An interesting trick that others may like to try when trying to see when and under what name a new certificate was issued is as follows. If when looking for an original registration on Ancestry (It may be similar on other sites) and you discover the page number as "0" you can click on the "0" and it should take you to pages showing a list of all "0" entries that were made in England and Wales during that same quarter. As "Re-entries" are always made in the same registration district as the original it is relatively easy to scroll down the list looking for a "Re-entry made in the same district with the same mothers maiden name. That will also have a page number indicated as "0" but indicates the re-registration year so searching in that registration district in the same quarter/month should provide the actual page number for the entry.

It doesn't work every time but I have found that it works in most.

۞ Cherilyn ۞

۞ Cherilyn ۞ Report 21 May 2013 11:02

This person died of leukemia at age 27 in 1968 and both his adoptive [?] parents are also deceased. It may always remain a mystery but will get certificate in any case.

CupCakes

CupCakes Report 21 May 2013 09:54

Gosh - is there any point in trying to explain myself further.
I agree with everything Porkie_Pie has said when it comes to legality and how things are supposed to work. The code was written against my record just as you have stated.

I know I now have 2 different certs - the original I was only able to get 3 years ago shows the hospital and address I was born in Kensington London.
The one issued in 1960 has the birth address in Sale, Cheshire. Nobody challenge me when I asked for my sisters original as well.

My distant cousin is the one that reaally surprised me. She herself had found her bio sister so was able to get facts about her own birth. Her adopted birth cert she sent to me had her adopted parents on where they live now.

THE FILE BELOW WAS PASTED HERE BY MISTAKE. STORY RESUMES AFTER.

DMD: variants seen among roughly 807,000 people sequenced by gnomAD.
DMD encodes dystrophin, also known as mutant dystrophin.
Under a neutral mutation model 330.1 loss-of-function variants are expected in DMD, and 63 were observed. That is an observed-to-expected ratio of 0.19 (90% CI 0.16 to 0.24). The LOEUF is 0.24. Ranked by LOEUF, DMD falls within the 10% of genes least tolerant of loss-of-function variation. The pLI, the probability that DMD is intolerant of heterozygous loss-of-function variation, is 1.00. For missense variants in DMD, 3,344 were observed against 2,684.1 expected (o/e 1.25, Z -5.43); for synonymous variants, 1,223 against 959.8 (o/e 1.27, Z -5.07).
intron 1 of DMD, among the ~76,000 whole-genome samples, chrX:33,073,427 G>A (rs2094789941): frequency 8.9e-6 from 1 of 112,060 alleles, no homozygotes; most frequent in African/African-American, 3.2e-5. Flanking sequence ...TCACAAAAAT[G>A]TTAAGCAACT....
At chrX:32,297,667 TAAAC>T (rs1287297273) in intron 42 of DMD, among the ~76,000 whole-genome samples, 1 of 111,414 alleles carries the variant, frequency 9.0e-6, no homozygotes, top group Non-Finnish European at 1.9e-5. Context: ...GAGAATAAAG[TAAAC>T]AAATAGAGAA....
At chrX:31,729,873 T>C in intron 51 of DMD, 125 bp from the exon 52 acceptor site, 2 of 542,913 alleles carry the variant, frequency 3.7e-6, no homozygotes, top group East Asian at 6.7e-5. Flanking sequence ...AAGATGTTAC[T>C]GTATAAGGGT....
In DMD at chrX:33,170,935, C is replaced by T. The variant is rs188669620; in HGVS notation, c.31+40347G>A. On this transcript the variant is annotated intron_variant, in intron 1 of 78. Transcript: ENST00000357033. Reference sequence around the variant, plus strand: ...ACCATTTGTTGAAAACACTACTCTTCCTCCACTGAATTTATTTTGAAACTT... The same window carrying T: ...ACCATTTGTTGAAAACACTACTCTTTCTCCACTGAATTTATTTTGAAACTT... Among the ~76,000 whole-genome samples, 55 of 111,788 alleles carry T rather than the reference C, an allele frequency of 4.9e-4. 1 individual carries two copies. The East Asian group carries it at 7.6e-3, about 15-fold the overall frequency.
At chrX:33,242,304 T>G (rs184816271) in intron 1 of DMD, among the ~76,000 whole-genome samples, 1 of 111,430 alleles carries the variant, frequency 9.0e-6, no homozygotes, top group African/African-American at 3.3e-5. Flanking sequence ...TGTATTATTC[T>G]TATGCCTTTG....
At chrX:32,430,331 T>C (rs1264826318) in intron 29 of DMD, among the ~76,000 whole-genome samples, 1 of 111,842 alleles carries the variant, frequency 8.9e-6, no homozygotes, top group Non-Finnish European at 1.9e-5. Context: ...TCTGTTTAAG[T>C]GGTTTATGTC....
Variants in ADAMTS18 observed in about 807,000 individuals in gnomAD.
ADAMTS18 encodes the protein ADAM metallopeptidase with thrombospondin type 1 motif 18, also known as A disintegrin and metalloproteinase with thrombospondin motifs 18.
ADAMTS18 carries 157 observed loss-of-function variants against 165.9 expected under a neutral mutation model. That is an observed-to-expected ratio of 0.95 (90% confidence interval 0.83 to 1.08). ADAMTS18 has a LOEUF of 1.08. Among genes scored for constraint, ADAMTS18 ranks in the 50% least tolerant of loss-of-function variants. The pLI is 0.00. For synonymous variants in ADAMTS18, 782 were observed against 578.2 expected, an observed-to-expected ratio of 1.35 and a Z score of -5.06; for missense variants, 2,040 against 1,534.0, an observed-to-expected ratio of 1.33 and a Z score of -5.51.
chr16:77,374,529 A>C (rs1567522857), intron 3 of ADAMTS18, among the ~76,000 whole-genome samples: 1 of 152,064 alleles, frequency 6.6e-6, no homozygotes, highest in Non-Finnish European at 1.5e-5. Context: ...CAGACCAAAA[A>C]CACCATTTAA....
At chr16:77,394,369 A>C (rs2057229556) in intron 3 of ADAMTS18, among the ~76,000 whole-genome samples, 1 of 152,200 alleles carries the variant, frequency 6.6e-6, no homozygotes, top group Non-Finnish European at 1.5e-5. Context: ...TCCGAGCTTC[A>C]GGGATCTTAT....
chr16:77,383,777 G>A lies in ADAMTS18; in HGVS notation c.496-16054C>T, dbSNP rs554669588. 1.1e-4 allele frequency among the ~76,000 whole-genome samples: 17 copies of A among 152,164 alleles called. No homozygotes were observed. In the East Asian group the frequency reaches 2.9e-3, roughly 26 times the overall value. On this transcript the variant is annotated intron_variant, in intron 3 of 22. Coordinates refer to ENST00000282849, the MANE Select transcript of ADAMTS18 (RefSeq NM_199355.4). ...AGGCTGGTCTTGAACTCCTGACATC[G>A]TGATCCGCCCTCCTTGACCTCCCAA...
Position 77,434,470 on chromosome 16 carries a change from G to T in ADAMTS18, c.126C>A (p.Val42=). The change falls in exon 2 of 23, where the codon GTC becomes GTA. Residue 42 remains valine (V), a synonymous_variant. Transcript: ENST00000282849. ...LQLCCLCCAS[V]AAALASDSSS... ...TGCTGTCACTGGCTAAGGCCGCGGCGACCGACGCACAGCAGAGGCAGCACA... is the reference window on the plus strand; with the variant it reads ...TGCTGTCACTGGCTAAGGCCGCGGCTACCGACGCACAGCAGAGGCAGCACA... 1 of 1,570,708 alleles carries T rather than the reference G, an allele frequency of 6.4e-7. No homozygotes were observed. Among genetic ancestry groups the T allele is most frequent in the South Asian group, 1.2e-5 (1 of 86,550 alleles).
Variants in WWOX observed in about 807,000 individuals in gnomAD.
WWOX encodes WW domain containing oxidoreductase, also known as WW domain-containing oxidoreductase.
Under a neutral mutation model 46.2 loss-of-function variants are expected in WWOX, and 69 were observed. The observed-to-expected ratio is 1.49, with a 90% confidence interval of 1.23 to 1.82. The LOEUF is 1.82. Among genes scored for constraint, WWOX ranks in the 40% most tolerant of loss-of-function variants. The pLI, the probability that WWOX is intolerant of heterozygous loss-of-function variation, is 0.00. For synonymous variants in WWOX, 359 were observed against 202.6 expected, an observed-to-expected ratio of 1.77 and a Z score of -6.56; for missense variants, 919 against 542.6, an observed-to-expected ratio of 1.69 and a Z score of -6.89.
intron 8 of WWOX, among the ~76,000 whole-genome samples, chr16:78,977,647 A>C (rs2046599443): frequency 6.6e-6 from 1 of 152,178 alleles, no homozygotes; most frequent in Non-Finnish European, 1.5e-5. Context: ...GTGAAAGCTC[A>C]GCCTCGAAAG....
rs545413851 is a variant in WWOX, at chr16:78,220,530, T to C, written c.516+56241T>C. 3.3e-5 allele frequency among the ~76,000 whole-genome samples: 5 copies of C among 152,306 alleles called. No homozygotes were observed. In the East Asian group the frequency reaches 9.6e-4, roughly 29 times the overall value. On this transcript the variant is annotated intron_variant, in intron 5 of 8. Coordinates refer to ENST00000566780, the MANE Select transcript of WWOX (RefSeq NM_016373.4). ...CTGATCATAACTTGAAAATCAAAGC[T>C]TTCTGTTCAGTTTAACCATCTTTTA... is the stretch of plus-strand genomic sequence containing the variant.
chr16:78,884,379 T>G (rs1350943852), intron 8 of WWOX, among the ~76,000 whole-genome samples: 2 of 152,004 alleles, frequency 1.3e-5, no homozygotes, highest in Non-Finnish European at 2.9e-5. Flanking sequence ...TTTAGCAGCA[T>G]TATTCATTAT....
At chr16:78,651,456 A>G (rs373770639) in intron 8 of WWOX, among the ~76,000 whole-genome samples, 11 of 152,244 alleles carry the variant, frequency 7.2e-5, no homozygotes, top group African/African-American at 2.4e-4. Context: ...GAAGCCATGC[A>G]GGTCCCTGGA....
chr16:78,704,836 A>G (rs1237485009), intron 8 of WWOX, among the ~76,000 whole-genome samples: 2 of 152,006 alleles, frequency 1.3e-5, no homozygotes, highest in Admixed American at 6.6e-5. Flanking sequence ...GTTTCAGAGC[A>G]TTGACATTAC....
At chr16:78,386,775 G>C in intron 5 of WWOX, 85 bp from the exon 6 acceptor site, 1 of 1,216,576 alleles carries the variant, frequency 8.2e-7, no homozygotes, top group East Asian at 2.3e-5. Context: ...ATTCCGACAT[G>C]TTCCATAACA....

Going on what she was told about her actual birth I took pot luck on an entry I found in Peterborough. Nobody challenged me about the cert. There is nothing in the register about her being adopted by another family.
I was estatic when it arrived and proved to be the correct record - same details as her older sister confirmed it.

Regardless of any cert the key thing to note is that any adopted child has an enty in the records the date they are registered not their actual date of birth. It makes trying to trace them more difficult.

Since the original post I have just found another one. My paternal first cus his wife was given up for adoption. Birth mother went to AUS and they traced her.
Daughter gave me the info and I found the original birth entry in the records with her original birth name.
They don't seem to be so strict about releasing records if the person is over 18

۞ Cherilyn ۞

۞ Cherilyn ۞ Report 20 May 2013 10:29

Thanks, Roy :)

Porkie_Pie

Porkie_Pie Report 20 May 2013 07:50

Cherilyn, Anything is possible, even when I registered my children I was not asked for evidence

Description of informant. The current list of eligible informants reads, in order of preference

(1) In all cases - mother

(2) Father - if he is married to mother

(3) Father and mother jointly where they are not married to one another